Thursday, October 08, 2009

A reason why '70s liberalism failed

I was going through the Wiki page on the Rainbow/PUSH coalition when I saw that what it was about was uniting, exhaustively, every minority group including sexual orientation and identity, including generic poor people, except white workers. You can look at it here. Now, while the idea of a Rainbow coalition is a good one, excluding what's possibly the biggest group that could help probably doomed the project. Race and racism by whites is in my mind a kind of red herring for what was really going on, which had to do with the terms by which liberalism in the '70s thought about itself. And eventually this thing fueled the backlash of the '80s.

My understanding of things is that white workers, or just workers thought of as a class in general, were excluded because they were a group of folks who took conservative opinions on the Vietnam War, and who seriously opposed the counter culture. Or so it seemed. This opposition was conveniently equated with race. People in general don't consider that the difference in living standards between the World War II and pre-war Depression era and that enjoyed in the '50s and '60s could have accounted for the seeming conservatism by white workers.

During the post-war expansion workers in general in the U.S. experienced a staggering increase in quality of life. Life was good, the same government who supported the mainstream union movement supported anti-Communism and identified American prosperity with American patriotism.
All this was in the minds of folks who were working when the Baby Boom generation appeared on the scene.

It's trite to say it, but the post-war Baby Boom grew up only knowing the good times, only knowing the society in which they lived as one that generally provided stability to regular people, with the working class and what is known sometimes as the small bourgeois class merging into the idea of a middle class. From their perspective prosperity was normalcy, and so those who couldn't partake in that normalcy had priority with their grievances, because the grievances of workers had seemingly been resolved.

What this lead to was a reinvigoration of the liberal idea, where individuals are presumed to be free agents normally but where certain defects of society cause groups to no longer be able to exercise that agency effectively. Therefore, all that's necessary to make society really good is to empower those people through social movements, civil rights, women's rights, recognition of different religions in the U.S. like judaism and the contributions of jewish-americans to american culture, rights relating to sexual orientation and issues regarding the theft of the U.S. and Native American rights. All of these things are great, and the radical culture that existed prior to McCarthyism in the '50s erred severely in not giving each of these issues the space that they were due. However, by counting on the mainstream to be stable, the idea of underlying economic contradictions that could lead to a more complex situation was submerged, just waiting to destabilize the whole thing when the terrain shifted. And shift it did.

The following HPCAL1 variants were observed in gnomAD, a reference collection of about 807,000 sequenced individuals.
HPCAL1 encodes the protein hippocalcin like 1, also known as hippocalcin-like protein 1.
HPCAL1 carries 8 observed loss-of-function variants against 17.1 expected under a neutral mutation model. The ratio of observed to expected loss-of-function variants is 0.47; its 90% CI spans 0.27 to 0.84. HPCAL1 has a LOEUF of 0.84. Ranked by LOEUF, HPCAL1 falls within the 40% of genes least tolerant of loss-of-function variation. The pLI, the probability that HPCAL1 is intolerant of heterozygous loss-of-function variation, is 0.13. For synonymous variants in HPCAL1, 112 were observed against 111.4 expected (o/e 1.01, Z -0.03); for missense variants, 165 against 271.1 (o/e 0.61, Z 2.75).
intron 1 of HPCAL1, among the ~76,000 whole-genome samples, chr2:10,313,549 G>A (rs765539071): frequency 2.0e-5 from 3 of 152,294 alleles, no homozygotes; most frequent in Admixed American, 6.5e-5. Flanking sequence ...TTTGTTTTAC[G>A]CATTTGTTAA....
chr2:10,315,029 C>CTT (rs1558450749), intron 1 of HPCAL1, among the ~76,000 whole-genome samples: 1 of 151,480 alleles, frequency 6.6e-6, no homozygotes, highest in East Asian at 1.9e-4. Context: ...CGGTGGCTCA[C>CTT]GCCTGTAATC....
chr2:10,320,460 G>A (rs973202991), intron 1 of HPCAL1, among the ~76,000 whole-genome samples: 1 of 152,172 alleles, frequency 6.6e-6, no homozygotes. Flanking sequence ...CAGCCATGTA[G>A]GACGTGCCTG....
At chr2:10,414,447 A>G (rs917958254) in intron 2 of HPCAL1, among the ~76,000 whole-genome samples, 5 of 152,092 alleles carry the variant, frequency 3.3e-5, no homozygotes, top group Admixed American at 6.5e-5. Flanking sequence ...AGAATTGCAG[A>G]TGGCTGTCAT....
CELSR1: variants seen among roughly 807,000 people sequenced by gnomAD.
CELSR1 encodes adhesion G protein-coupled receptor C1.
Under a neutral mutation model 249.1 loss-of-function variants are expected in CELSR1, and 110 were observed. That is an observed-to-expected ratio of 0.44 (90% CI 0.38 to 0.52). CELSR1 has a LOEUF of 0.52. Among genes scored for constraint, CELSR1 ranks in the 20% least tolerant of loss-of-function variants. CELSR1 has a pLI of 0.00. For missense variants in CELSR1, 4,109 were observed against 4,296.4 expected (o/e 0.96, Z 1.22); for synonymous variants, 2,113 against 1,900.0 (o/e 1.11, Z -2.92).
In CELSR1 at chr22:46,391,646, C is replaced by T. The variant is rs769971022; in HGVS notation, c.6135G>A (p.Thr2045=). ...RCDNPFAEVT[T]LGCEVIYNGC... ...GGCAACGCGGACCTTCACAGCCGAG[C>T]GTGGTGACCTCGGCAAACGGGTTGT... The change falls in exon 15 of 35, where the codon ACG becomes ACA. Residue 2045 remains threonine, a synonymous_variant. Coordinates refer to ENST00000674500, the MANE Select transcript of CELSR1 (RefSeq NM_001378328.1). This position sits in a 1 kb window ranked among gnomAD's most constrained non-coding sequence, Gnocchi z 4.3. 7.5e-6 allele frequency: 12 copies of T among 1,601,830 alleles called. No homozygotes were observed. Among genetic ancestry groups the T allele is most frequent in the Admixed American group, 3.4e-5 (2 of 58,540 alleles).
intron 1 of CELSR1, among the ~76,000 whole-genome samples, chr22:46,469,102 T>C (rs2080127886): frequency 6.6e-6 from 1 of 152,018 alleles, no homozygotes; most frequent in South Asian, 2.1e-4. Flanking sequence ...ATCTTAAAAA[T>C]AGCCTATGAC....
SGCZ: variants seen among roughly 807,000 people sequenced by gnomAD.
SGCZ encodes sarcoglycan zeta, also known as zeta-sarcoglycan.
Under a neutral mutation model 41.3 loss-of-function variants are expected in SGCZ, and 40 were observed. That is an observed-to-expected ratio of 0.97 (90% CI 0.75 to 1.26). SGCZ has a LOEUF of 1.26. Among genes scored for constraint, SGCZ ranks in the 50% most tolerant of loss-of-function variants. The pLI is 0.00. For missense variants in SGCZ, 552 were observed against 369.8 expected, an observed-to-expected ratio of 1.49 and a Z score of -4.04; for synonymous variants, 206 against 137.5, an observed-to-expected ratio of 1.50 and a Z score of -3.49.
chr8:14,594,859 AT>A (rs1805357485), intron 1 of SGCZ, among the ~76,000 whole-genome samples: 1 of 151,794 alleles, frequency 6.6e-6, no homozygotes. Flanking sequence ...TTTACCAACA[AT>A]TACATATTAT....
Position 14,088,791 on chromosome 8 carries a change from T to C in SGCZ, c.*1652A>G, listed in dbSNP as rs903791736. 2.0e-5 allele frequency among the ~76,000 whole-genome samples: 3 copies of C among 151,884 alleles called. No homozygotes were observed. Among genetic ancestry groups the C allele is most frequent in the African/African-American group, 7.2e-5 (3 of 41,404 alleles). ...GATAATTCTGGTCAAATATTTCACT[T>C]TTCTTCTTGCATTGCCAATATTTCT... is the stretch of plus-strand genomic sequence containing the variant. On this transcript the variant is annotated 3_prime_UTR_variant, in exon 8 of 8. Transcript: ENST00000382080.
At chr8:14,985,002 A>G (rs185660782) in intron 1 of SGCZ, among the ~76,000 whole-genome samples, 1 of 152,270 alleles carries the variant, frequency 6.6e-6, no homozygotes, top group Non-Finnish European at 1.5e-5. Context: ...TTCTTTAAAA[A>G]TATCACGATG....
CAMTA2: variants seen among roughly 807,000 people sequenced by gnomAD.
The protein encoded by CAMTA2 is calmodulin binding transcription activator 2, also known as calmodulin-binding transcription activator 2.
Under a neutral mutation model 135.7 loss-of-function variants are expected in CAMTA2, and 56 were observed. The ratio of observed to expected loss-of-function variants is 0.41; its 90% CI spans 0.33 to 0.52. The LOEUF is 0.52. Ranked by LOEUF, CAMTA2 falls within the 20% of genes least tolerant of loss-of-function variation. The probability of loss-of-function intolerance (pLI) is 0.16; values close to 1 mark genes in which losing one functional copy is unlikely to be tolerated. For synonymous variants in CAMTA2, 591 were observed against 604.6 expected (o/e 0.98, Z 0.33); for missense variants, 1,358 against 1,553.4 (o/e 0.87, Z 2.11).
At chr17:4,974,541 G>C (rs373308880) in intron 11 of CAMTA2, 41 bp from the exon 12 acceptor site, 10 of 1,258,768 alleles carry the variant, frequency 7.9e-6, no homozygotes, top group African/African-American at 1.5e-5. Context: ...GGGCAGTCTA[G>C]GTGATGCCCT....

In the middle of the '70s the economic nicety of the '50s and '60s began to collapse. Economic issues now pressed on people. Large parts of the majority culture, mostly white, began to experience serious problem of their own. The white workers who were once dismissed now had grievances that should have been integrated into some sort of liberal framework but weren't. The model of '70s liberalism that had come about was now obsolete as an idea that meaningfully explained reality. All of the grievances and movements were still there, but the realignment of things meant that the mainstream could no longer be counted on just to accept what was being offered. Instead, finding few friends among the folks of '70s liberalism they pushed back with reaction. And ultimately they won because truth be told they outnumbered the minority groups and possessed more power in American society than they did, even though they themselves were oppressed. Ronald Reagan was able to coast through two terms with lots of support while eviscerating jobs and carrying out a right-wing cultural revolution of sorts because of this resentment.

The resentment, then, was not caused by some kind of inherent conservative prejudice in workers, especially in workers who are white, but was caused by objective conditions that were not being addressed in a meaningful way. To address them, in fact, would require something that went beyond liberalism as thought of in the '70s model and into socialism of some sort. The economic framework of oppression of minorities would have to be evaluated, and awareness of the commonalities in framework between the situation of white workers and that of black and brown ones would suggest new ways for cooperation, ways that weren't taken.

Cross race solidarity between workers, where the situation of oppression experienced by black and brown workers that is rooted deep in our history is brought to consciousness but wedded with awareness of class, would have been, and still is, the way to go.

If we want to resurrect the ideals of the era of the '60s and '70s, something like this will have to happen.

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